The first made-in-Georgia Kia Sportage compact SUV rolled off the line at the Korean automaker’s West Point plant Feb. 1, making the company’s oldest nameplate its newest addition to the list of models produced in the state.
The Sportage has been around since the 1990s, though the newly revamped 2023 edition shares little in common with its austere ancestor. The gleaming vehicle driven off the line by Gov. Brian Kemp and Kia Vice President James Watson sported a bold jungle green and boasted the new X-Pro light off-road package. It features two 12-inch touchscreens on the instrument panel and for its “infotainment” system.
Before the Sportage, the plant was already producing three models: the Telluride SUV, the K5 sedan and the Sorento SUV — the latter being the only model whose production started with the plant’s commissioning in 2009. The company has not announced any increase to its annual production capacity, which still stands at 340,000 vehicles per year.
With employees, dignitaries including the Korean Consul General Yoonjoo Park and state officials assembled, the company’s leaders praised the Georgia-based workforce for reaching another milestone.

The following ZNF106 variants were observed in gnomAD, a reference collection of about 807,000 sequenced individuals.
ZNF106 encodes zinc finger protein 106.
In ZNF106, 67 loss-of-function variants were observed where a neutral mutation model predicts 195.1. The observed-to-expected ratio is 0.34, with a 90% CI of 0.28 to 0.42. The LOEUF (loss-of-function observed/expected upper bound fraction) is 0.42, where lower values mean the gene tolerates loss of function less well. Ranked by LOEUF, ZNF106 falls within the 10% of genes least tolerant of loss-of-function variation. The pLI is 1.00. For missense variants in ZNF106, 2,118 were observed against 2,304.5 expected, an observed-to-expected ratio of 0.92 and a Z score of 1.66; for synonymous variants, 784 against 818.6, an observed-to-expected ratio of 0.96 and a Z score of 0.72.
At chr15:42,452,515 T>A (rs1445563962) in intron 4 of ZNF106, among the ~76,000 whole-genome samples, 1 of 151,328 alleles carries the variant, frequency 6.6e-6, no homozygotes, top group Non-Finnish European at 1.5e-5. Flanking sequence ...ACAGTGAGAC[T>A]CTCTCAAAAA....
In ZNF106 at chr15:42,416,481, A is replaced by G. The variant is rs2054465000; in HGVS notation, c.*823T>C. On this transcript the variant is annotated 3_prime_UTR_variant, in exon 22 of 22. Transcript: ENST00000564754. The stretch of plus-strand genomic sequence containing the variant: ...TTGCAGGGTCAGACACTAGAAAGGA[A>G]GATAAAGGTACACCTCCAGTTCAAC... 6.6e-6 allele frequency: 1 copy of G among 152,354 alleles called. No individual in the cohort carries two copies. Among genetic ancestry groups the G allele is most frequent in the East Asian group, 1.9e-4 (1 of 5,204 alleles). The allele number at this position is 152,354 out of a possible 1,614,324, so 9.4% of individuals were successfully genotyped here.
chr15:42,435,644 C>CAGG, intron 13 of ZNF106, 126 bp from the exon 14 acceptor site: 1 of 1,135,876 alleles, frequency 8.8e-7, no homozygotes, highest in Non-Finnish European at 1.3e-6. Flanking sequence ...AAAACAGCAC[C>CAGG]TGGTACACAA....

“Today’s ceremony is another phenomenal accomplishment by the Kia Georgia team and I hope that each team member will take a lot of pride in being a part of this special day,” said Stuart Countess, who was recently elevated to CEO of Kia Georgia.
Kia North America President and CEO Sean Yoon also was on hand to mark the occasion, in which the car rolled off the line onto a red carpet in view of spectators.
A version of the Sportage designed specifically for the European market made a similarly flashy entry at Kia’s plant in October in Žilina, Slovakia, which the company calls the “spiritual home” of the model due to its production of many different generations of Sportage over the years. The all-new European version’s drivetrain is to include a plug-in hybrid version.
Kia’s first fully electrified crossover, the EV6, is set to begin deliveries in a few weeks. It’s unclear how much of the company’s bold EV investment plan will lead to increase investment in its infrastructure within Georgia.